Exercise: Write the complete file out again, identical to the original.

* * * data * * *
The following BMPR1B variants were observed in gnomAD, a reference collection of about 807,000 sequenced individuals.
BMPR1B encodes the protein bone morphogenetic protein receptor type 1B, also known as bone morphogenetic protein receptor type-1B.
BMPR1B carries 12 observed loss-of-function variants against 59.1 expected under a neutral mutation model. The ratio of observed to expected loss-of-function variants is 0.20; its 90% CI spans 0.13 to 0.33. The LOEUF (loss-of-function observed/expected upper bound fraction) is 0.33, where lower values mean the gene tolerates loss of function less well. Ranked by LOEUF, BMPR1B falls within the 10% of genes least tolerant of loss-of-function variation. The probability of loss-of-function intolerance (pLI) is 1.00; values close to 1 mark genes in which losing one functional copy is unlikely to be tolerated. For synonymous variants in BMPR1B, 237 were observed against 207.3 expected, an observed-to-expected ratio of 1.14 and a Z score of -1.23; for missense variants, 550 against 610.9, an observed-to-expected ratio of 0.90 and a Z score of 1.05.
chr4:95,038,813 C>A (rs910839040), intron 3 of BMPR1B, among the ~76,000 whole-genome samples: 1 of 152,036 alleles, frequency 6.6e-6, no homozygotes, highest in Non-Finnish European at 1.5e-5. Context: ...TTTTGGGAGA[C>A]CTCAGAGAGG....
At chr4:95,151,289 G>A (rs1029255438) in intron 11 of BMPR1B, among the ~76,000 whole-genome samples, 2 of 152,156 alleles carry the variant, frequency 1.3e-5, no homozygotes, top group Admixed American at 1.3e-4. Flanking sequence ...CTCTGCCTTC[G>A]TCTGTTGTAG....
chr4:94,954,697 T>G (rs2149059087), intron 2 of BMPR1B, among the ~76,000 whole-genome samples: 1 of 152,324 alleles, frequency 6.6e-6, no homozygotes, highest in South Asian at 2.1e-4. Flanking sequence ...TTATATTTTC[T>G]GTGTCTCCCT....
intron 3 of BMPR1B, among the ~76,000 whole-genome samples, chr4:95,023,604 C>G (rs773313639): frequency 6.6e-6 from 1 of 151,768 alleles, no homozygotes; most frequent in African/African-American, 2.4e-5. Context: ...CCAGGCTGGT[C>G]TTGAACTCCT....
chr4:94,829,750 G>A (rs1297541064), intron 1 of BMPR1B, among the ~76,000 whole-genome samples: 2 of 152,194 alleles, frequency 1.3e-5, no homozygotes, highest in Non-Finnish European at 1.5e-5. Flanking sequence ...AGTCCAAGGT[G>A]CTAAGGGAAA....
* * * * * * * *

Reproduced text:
The following BMPR1B variants were observed in gnomAD, a reference collection of about 807,000 sequenced individuals.
BMPR1B encodes the protein bone morphogenetic protein receptor type 1B, also known as bone morphogenetic protein receptor type-1B.
BMPR1B carries 12 observed loss-of-function variants against 59.1 expected under a neutral mutation model. The ratio of observed to expected loss-of-function variants is 0.20; its 90% CI spans 0.13 to 0.33. The LOEUF (loss-of-function observed/expected upper bound fraction) is 0.33, where lower values mean the gene tolerates loss of function less well. Ranked by LOEUF, BMPR1B falls within the 10% of genes least tolerant of loss-of-function variation. The probability of loss-of-function intolerance (pLI) is 1.00; values close to 1 mark genes in which losing one functional copy is unlikely to be tolerated. For synonymous variants in BMPR1B, 237 were observed against 207.3 expected, an observed-to-expected ratio of 1.14 and a Z score of -1.23; for missense variants, 550 against 610.9, an observed-to-expected ratio of 0.90 and a Z score of 1.05.
chr4:95,038,813 C>A (rs910839040), intron 3 of BMPR1B, among the ~76,000 whole-genome samples: 1 of 152,036 alleles, frequency 6.6e-6, no homozygotes, highest in Non-Finnish European at 1.5e-5. Context: ...TTTTGGGAGA[C>A]CTCAGAGAGG....
At chr4:95,151,289 G>A (rs1029255438) in intron 11 of BMPR1B, among the ~76,000 whole-genome samples, 2 of 152,156 alleles carry the variant, frequency 1.3e-5, no homozygotes, top group Admixed American at 1.3e-4. Flanking sequence ...CTCTGCCTTC[G>A]TCTGTTGTAG....
chr4:94,954,697 T>G (rs2149059087), intron 2 of BMPR1B, among the ~76,000 whole-genome samples: 1 of 152,324 alleles, frequency 6.6e-6, no homozygotes, highest in South Asian at 2.1e-4. Flanking sequence ...TTATATTTTC[T>G]GTGTCTCCCT....
intron 3 of BMPR1B, among the ~76,000 whole-genome samples, chr4:95,023,604 C>G (rs773313639): frequency 6.6e-6 from 1 of 151,768 alleles, no homozygotes; most frequent in African/African-American, 2.4e-5. Context: ...CCAGGCTGGT[C>G]TTGAACTCCT....
chr4:94,829,750 G>A (rs1297541064), intron 1 of BMPR1B, among the ~76,000 whole-genome samples: 2 of 152,194 alleles, frequency 1.3e-5, no homozygotes, highest in Non-Finnish European at 1.5e-5. Flanking sequence ...AGTCCAAGGT[G>A]CTAAGGGAAA....